Tab, thanks for following along and commenting. I recently sent you an email. I was pleased with the biosecurity they made us follow and the serious attitude they took in keeping this piece of the world pristine. Yes, I'm sure you understand layers. It was good odd going out in the cold and being warm. Evidentially, I've never had the right clothing for cold climates. We miss you also.... when people connect it last a lifetime.
28th March 2020

Life on Board
Really interesting to read about how life was like on board the ship, and Zodiac Etiquette, thank you MJ and Dave ? It makes me want to down tools right now and take the expedition! Well, at least once these new days we are currently living in are over...! Glad there were only 2 out of the 199 you didn't get to love, I imagine exactly what kind of types they were! And I'm so pleased to read about all the protective measures they take, for visitors and for local wildlife. It was similar last year when I visited the Galapagos. Looking forward to reading your next! ?
28th March 2020

Life on board
I'm glad to hear they were as cautious on Galapagos. We need to continue to care for the few pristine places that remain. I hope you take this trip in the future.... it was wonderful. Thanks for commenting.
28th March 2020

Trip of a Lifetime
In my book, making it to Antarctica would certainly be the trip of a lifetime! And, to reach your 7th continent is extraordinary too so congratulations!! Everything you saw and did sounds so amazing. I see that visiting the Antarctic was in a way is a very painstaking experience when you think about the logistics involved, cleaning of equipment, clothes, boots and such, thoughtfully placing people in the zodiacs for balance, etc. I really appreciate you sharing all these details of your amazing experience and thanks for the great photos!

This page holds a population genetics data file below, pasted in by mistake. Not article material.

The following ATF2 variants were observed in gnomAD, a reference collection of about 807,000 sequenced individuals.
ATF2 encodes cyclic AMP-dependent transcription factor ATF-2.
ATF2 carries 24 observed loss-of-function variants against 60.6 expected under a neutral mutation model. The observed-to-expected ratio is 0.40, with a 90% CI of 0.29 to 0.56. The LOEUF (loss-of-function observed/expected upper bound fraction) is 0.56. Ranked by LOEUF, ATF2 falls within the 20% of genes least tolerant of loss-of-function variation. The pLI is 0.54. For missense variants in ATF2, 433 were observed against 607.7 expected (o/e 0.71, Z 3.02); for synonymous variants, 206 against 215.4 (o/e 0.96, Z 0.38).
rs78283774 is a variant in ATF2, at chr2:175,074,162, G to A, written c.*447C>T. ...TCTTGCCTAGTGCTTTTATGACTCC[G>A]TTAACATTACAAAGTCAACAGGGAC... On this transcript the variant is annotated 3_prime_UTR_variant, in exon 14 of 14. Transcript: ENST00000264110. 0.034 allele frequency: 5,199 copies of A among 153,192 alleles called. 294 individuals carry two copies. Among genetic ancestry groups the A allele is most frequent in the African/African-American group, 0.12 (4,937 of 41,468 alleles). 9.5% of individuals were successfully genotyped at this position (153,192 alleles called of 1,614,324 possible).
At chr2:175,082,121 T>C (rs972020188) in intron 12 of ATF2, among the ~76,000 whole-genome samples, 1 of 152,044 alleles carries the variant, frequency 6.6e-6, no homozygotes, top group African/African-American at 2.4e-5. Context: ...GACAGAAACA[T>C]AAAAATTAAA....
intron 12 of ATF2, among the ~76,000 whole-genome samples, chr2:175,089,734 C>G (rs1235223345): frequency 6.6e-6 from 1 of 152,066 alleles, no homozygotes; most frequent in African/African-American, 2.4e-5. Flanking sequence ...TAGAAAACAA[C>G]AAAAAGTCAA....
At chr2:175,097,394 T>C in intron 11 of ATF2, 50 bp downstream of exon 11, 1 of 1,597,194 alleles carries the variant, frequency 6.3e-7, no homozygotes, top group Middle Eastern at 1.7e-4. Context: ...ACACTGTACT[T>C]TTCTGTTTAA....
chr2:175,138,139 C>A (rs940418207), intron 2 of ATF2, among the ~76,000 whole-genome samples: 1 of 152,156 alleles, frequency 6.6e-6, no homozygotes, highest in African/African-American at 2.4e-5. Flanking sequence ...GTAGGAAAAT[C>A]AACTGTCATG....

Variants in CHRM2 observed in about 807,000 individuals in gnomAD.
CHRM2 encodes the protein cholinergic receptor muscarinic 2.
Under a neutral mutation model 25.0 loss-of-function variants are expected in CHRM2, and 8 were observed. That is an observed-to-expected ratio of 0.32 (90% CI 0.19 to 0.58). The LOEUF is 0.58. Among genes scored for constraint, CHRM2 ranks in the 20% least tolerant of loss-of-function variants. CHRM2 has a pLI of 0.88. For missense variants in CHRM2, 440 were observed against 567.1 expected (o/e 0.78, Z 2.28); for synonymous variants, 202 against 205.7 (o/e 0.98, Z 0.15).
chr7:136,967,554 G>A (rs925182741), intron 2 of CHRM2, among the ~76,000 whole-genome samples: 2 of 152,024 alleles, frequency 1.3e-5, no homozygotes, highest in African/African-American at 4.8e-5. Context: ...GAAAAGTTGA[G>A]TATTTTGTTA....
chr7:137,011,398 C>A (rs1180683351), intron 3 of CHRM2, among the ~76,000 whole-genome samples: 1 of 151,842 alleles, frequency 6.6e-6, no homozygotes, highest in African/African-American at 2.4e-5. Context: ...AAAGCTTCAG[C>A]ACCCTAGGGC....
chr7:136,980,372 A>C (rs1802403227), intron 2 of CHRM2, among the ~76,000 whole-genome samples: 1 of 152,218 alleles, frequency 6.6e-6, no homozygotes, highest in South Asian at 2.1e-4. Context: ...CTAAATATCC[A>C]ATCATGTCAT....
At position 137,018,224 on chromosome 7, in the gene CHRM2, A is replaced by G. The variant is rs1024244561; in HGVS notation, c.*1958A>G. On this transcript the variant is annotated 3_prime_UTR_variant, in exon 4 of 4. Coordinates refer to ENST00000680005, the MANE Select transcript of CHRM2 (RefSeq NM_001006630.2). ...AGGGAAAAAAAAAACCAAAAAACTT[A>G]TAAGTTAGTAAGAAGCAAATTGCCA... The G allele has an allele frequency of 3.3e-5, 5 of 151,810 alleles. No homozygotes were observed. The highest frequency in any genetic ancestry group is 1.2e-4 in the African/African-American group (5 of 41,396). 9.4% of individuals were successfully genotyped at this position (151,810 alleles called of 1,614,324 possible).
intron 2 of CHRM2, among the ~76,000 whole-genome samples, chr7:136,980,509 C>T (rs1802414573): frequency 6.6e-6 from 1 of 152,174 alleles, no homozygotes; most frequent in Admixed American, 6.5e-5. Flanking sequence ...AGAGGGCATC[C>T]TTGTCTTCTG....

29th March 2020

Trip of a Lifetime
It is always a pleasure to hear from those following along. Yes, this trip was a dandy. Once you get the hang of cleaning the gear it doesn't take long. We want to preserve this place of natural beauty. Actually, this was Dave's 7th continent. I had been in 1989 and it was the 2nd continent I'd traveled to. An amazing place. MJ
29th March 2020
Zooming around in Zodiacs

Nice to read about Antarctica
i really enjoy reading about your Antarctica travels. Personally I'd love to go there to see the remains of the old whaling stations. Also the nature of course. Good to hear that they take such great measures to protect the environment. /Ake
29th March 2020
Zooming around in Zodiacs

Nice to read about Antarctica
We cannot recommend this trip enough. It was spectacular. The Whaling stations were very interesting. An amazing part of the world.
14th October 2020

Artic Adventure
Really interesting blog to hear what it is like on the ship. I can't wait to continue to read more of your artic adventure!!
15th October 2020

Arctic Adventure
We thought we might get tired of a ship after 3 weeks but an expedition ship has so much to offer. Great lectures.